An Anthology of Ancient and Medieval Woman's Song by Anne L. Klinck

By Anne L. Klinck

This assortment specializes in a woman's perspective in love poetry, and juxtaposes poems by means of ladies and poems approximately ladies to elevate questions about how femininity is built. even if so much medieval "woman's songs" are both nameless or male-authored lyrics in a well-liked kind, the time period can usefully be extended to hide poetry composed by way of ladies, and poetry that's aristocratic or realized instead of well known. Poetry from historic Greece and Rome that resonates with the medieval poems is usually incorporated right here. Readers will discover a diversity of voices, usually echoing related subject matters, as girls celebrate or lament, compliment or condemn, plead or curse, communicate in jest or in earnest, to males and to one another, approximately love.

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Me. . This girl . . grace ... C. Meter: Nine-line stanza. Lines 1, 7, 8 dactylic; 2, 3, 4 trochaic; 5, 9 aeolic (choriambic). ” The poem evokes the epiphany of the goddess, who materializes, smiles, and speaks words of power. 5 10 15 Ποικιλ θρον’ iθανbτ’ ’Aφρ διτα, πα Δgο δολ πλοκε, λgσσομαg σε, μx μ’ hσαισι μηδ’ νgαισι δbμνα, π τνια, θ μον, Immortal Aphrodite of the exquisite throne, wile-weaving child of Zeus, to you I pray. Don’t subdue with pains and torments, lady, my heart. iλλn τυgδ’ Oλθ’, α ποτα κiτNρωτα τn Oμα αvδα igοισα πxλοι Oκλυε , πbτρο δP δ μον λgποισα χρjσιον Dλθε But come hither, if ever also in the past, catching my voice from afar, you listened, left your father’s home of gold, and came, hρμ’ Sπασδεjξαισα.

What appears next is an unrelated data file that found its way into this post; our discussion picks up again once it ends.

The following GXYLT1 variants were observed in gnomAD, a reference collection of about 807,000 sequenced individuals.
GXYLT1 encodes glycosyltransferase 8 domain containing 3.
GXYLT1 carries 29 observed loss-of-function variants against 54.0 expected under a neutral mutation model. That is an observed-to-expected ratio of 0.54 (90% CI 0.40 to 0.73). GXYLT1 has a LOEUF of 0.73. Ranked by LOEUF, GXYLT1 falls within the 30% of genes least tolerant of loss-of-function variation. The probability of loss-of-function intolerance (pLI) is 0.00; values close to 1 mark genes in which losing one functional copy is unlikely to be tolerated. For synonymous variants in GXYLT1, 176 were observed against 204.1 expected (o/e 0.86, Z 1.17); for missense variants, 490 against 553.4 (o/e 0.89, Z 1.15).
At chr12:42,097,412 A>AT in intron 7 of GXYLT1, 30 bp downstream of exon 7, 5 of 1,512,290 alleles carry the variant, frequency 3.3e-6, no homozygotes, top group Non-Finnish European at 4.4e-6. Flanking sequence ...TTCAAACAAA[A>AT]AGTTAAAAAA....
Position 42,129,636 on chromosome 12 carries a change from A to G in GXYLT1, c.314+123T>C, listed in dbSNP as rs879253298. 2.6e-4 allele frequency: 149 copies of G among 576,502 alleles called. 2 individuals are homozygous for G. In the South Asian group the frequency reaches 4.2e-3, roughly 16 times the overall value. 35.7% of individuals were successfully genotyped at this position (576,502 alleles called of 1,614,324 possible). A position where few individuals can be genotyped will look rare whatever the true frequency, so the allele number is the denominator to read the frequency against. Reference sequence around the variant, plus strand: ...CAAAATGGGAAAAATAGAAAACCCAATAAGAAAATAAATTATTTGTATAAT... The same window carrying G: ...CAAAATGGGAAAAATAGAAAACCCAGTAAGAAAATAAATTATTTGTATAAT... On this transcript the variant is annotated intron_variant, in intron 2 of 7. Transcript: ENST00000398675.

18. , the work of Hitchcock and Jones, and the article by Kelley. 19. See Galmés de Fuentes 32. 20. I am referring here to the German translation of Ibn Sana’ al-Mulk included in Heger’s collection of kharjas and related materials (Heger 187). For an English account, see Linda Fish Compton’s summary of al-Mulk’s pronouncements about the muwashshaha (Andalusian Lyrical Poetry 3–7). 21. Cf. Judith Cohen’s comment on the attitude reflected in two medieval romances, where an aristocratic woman makes a point of dissociating herself from the profession of the joglaresa, the paid performer who is likely also to be a prostitute.

Composed in elegiacs, they lay claim to the same territory as the male love-elegists, but their voice is very different. Sulpicia’s more unassuming style, coupled with her strong sense of personal worth, invites comparison with the real Sappho before her, and with the women troubadours after. See Julia Haig Gaissner, “Threads in the Labyrinth: Competing Views and Voices in Catullus 64,” American Journal of Philology 116 (1995): 579–616; Judith Hallett, “Women’s Voices and Catullus’ Poetry,” Classical World 95 (2002): 421–24; Francis Cairns, Virgil’s Augustan Epic (contains chapters on Dido) (1989); S.

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